Chesterfield supervisors Jim Ingle (left) and Chris Winslow (right) unveil a sign with Dr. Wyatt Tee Walker's family during Friday's dedication ceremony.
A voracious reader and prodigious author even in his later years, Dr. Wyatt Tee Walker’s name will be connected to Chesterfield’s future Enon Library building in perpetuity following a ceremony Friday morning formally dedicating the new facility in honor of the civil rights icon.
“I think the library is a very fitting host for this event because libraries are about diversity of perspective and thought, learning and challenging ourselves, and helping our community become a better place,” said Carolyn Sears, assistant director of Chesterfield County Public Library.
Dr. Walker, who relocated to Chester with his wife, Theresa Ann, in 2004 following his retirement from the ministry and lived there until his death at age 89 in January 2018, made a profound, enduring impact as one of the leaders of America’s civil rights movement.
The grandson of a former slave, Wyatt Tee Walker was born Aug. 16, 1929, in Brockton, Massachusetts. He attended Richmond’s Virginia Union University, where he earned a bachelor’s degree in chemistry and physics, graduating magna cum laude. After receiving a Master of Divinity degree from Virginia Union’s School of Religion in 1953, he accepted a position as minister at Gillfield Baptist Church in Petersburg.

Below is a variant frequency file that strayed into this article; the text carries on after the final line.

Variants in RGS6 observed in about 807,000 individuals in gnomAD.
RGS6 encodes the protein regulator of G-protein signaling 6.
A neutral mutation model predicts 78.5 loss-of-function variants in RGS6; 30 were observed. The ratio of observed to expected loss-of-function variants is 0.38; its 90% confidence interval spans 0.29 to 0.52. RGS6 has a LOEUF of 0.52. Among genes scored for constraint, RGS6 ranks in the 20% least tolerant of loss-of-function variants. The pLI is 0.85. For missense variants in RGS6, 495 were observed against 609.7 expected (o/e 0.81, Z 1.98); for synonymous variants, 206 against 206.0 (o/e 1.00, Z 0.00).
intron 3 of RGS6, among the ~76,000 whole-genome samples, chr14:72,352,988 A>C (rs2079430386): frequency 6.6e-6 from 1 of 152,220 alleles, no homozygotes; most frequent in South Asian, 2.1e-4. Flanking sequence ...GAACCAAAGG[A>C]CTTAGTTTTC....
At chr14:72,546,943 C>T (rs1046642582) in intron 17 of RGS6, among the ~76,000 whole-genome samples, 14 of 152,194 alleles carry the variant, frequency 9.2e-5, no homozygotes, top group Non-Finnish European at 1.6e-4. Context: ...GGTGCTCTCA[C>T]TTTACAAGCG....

He also served as president of the Petersburg chapter of the National Association for the Advancement of Colored People (NAACP) and as state director of the Congress of Racial Equality (CORE), and helped found the Virginia Council on Human Relations, a biracial group working for desegregation.
In 1960, Dr. Walker and other African Americans protesting segregation were arrested and jailed after entering through the “whites only’’ entrance of the Petersburg Public Library to check out a biography of Robert E. Lee. It was the first of 17 times he would be arrested for acts of nonviolent civil disobedience.
“In natural Alpha fashion, Brother Walker stood ready to fight the oppression of his people. The symbolic nature of his name being raised on this public library is an intentional reminder of one of his first moves to stand for civil rights for Black Americans,” said Dr. Tyren Frazier, president of the Chesterfield-based Rho Iota Lambda chapter of the Alpha Phi Alpha fraternity, of which Dr. Walker was a member.
Dr. Wyatt Tee Walker's daughter, Patrice Walker Powell, takes a photo of the information panels that have been posted inside the Enon Library with biographical information about her father.
Dr. Walker is best known for his tenure as chief of staff to Dr. Martin Luther King Jr. During the same period (1960-64), he joined the board of the Southern Christian Leadership Conference (SCLC) and worked as its first full-time executive director.
In 1961, Dr. Walker and Theresa Ann volunteered as Freedom Riders in an effort to enforce the Interstate Commerce Act, which declared that segregation in interstate transportation facilities was illegal. Freedom Riders often faced arrests and violence as buses crossed state lines or as riders disembarked in southern states where the law was not being enforced.
“This [dedication] is personal to me,” said Chesterfield County Administrator Dr. Joe Casey, noting that his mother participated in the March on Washington for Jobs and Freedom in August 1963. The march culminated with Dr. King delivering his historic “I Have a Dream” speech in front of the Lincoln Memorial, calling for an end to racism.
“Today is my mom’s proudest moment,” Casey added. “She said, ‘Shake as many hands of people with the name Walker as possible.’”